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Market Insight - Feb 25

By Bryn Griffiths (CEO, Edge Capital Markets)


Global equity markets ended the week with mixed results. Many exchanged ended relatively unchanged but that did not represent the volatility seen as Federal Reserve minutes from their last meeting were released and showed a number of junior members wanting the FED to consider varying the pace of the US$85bln monthly bond purchases. It is probably important to note that the senior members remained resolute in their plan to bring unemployment down and continue the plan. I know where my money would be in that debate. This dissention gave the markets a wee wobble, but equally not surprising as the market really were looking for an opportunity to settle for a while following such a strong run in the first 2 /3 months of 2013. The key measure of volatility, the CBOE VIX rose nearly 3% this week. The Chinese market was the worst performing index this week closing down 4.85% on the back of increasing concerns that Chinese officials will start looking to tighten monetary conditions to manage the once again property market that is heating up. This impacted on heavy weight property and banking stocks. European exchanges closed the week with little fanfare as all eyes were focusing on the weekend’s Italian Election. There could be some interesting price action in the UK market when it reopens on Monday following the downgrading of their sovereign debt by Moody’s just prior to the US market close. Also looming this week is the March 1 automatic US spending cuts that were kicked down the road from the infamous Jan 1 deadline. Will we see any progress finally on this front?
Weekly Moves: Australia 200 -0.3%, Hong Kong -2.8%, Japan +1.9%, China -4.9%, France +1.3%, Germany +0.9%, UK +0.1%, Dow Jones +0.1%, S&P500 -0.2%, Nasdaq -1.0%

The US dollar saw strong inflows during the week with the US Dollar index closing up 1.0%. The EURUSD closed the week down 1.4% on concerns around the outcome of the Italian Elections where it seemed the anti-austerity Berlusconi was gaining popularity as well as the fact that European banks returned less than forecasted funds borrowed during the second Long Term Refinancing Operation (LTRO). The banks returned EUR61bln vs an expected EUR122bln. This clearly indicates that European banks are still holding onto funds and therefore there are still perceived risks in the region in the eyes of the bankers. The biggest looser this week was the GBP which closed the week on its knees following the downgrade by Moody’s of the UK Sovereign Debt rating. The GBPUSD is now down nearly 6% in the last 8 weeks.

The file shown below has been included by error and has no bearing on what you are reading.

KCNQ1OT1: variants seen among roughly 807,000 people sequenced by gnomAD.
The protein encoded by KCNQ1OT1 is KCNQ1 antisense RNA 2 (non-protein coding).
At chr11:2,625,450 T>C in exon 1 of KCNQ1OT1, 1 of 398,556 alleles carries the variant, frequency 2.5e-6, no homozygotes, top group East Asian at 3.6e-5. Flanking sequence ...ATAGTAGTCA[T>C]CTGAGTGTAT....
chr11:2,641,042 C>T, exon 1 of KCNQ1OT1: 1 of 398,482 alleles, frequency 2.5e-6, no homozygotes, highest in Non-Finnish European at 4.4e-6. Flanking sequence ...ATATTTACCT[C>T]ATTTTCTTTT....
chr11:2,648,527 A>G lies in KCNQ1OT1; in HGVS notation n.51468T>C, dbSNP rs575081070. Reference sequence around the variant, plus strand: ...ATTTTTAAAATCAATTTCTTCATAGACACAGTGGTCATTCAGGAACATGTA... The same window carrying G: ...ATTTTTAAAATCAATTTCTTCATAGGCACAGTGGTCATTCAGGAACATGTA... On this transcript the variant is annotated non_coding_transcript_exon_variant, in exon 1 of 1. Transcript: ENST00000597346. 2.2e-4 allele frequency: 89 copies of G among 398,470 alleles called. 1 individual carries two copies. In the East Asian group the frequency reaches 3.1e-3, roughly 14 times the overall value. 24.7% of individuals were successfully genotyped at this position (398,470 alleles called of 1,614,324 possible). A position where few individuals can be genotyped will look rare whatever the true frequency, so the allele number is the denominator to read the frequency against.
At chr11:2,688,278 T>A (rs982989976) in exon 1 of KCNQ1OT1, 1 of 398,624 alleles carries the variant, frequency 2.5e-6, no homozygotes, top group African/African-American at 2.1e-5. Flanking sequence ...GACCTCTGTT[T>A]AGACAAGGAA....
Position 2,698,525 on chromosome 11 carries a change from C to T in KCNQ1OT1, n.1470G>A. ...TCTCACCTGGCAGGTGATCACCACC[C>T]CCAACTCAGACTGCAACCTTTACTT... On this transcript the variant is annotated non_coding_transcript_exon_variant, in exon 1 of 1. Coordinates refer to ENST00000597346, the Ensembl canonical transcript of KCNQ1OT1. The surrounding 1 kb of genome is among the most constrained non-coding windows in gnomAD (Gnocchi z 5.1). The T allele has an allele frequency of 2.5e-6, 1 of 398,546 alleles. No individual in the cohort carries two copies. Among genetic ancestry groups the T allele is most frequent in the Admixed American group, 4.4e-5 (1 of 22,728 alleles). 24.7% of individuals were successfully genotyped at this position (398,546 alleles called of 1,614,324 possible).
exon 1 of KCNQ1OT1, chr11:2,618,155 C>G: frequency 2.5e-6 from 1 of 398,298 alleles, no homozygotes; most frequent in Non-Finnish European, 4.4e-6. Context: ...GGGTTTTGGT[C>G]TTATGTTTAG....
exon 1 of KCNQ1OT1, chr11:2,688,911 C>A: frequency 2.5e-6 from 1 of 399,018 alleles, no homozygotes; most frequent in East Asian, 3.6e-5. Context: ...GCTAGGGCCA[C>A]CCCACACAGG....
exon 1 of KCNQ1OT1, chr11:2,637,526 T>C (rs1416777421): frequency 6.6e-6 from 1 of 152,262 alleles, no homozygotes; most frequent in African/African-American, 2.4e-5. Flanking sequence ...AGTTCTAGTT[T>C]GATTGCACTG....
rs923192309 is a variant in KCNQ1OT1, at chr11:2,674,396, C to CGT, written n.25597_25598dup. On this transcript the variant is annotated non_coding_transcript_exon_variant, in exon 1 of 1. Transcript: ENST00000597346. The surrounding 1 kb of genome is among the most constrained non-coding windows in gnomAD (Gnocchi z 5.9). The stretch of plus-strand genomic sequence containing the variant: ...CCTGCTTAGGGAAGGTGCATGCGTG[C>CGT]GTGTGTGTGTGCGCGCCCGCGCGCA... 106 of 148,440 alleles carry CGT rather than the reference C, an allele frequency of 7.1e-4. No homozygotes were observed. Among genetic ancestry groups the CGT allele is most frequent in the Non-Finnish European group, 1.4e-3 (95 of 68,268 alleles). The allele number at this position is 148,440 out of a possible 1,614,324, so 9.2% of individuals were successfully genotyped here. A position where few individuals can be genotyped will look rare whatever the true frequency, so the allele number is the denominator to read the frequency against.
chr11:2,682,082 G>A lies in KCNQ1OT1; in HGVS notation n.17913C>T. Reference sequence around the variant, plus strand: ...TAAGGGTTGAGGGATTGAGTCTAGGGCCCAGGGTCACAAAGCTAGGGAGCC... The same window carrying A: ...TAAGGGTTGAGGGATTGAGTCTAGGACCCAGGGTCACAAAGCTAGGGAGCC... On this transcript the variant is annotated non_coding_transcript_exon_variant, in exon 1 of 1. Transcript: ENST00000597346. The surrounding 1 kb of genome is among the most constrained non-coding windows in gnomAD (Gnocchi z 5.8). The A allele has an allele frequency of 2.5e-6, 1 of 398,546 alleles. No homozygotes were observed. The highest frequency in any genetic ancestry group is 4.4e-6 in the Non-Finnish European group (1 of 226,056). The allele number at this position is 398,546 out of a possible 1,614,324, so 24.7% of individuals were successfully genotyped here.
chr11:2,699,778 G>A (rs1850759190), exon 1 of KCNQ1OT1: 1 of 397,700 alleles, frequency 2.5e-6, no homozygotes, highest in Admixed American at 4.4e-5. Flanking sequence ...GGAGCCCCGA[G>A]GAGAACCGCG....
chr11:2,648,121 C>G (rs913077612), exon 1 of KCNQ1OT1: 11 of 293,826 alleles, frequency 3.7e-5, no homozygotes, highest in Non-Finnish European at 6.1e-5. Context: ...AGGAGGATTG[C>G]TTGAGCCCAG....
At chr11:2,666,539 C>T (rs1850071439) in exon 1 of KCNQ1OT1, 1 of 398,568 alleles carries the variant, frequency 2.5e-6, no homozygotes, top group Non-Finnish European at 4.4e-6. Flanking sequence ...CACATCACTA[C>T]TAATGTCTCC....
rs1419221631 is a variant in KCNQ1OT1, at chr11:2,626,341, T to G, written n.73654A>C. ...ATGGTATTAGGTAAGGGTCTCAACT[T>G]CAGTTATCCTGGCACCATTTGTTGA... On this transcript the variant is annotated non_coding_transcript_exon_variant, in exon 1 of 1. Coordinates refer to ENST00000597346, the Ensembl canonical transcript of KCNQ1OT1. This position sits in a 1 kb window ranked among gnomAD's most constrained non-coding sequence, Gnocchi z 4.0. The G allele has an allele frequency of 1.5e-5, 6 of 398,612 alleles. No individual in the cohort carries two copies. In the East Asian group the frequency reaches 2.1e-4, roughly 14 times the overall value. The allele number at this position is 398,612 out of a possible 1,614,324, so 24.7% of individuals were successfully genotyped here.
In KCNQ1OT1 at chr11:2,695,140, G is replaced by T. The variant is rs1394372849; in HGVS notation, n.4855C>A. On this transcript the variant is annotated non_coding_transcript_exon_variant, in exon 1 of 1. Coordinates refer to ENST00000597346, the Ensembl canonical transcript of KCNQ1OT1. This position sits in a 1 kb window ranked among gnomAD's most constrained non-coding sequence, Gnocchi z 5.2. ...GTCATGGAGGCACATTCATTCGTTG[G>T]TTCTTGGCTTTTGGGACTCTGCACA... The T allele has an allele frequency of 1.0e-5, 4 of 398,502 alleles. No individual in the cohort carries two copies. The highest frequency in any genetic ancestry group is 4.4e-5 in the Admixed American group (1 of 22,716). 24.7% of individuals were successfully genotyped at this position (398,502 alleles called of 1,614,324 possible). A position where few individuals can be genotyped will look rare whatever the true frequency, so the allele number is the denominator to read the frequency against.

Weekly Moves: AUDUSD +0.1%, GBPUSD -1.8%, EURUSD -1.4%, NZDUSD -0.7%, USDCAD +1.6%, USDJPY +0.0%, USDCHF +0.9%

Interest Rates
This week saw inflows into all the global markets except Australia which saw selling across their curve following a somewhat neutral statement from Australian Reserve Bank Governor Stevens. The market had priced in over 50bp cuts to their cash rate by the end of the year. Gov Stevens said that there was a significant amount of stimulus in the system that was still working its way through, and that the current overnight cash target at 3% is appropriate. Concerns around the Italian election result as well as the less that forecast return of banks Euro’s borrowed for stimulus purposes saw safe haven buying of German bonds drive their yields lower for the week. The debate about the Federal Reserve pulling out its stimulus was ignored by the bond markets where the “Smart” money plays where yield remain subdued during the volatility experienced in the Forex and Equity markets. The US automatic spending March 1 date now looms and may see safe haven buying leading up to any outcomes.

Closing Yields (Weekly Move):
3m 5y 10yr 30yr
US 0.12% (+0.02%) 0.83% (-0.02%) 1.96% (-0.04%) 3.15% (-0.03%)
UK 0.38% (+0.02%) 0.86% (-0.11%) 2.11% (-0.08%) 3.37% (-0.06%)
Germany 0.01% (-0.04%) 0.56% (-0.10%) 1.57% (-0.08%) 2.40% (-0.04%)
Japan 0.08% (-0.02%) 0.14% (+0.00%) 0.73% (-0.02%) 1.92% (-0.02%)
Australia 2.90% (+0.02%) 3.07% (+0.03%) 3.54% (+0.02%)

Precious metals saw strong outflows again this week as continued positive global economic data releases saw investors no longer needing safe harbour and exited the precious metals market. This belief was supported by minutes from the Federal Reserve indicting members wanted to consider reducing their bond purchasing program suggesting that things were improving out in the economy. We have now seen Silver fall 8% and gold down 4.7% in the last 4 weeks. Copper tumbled this week as US and European manufacturing data releases missed to the downside.
Weekly Moves: Gold -1.8%, Silver -3.5%, Copper -5.0%

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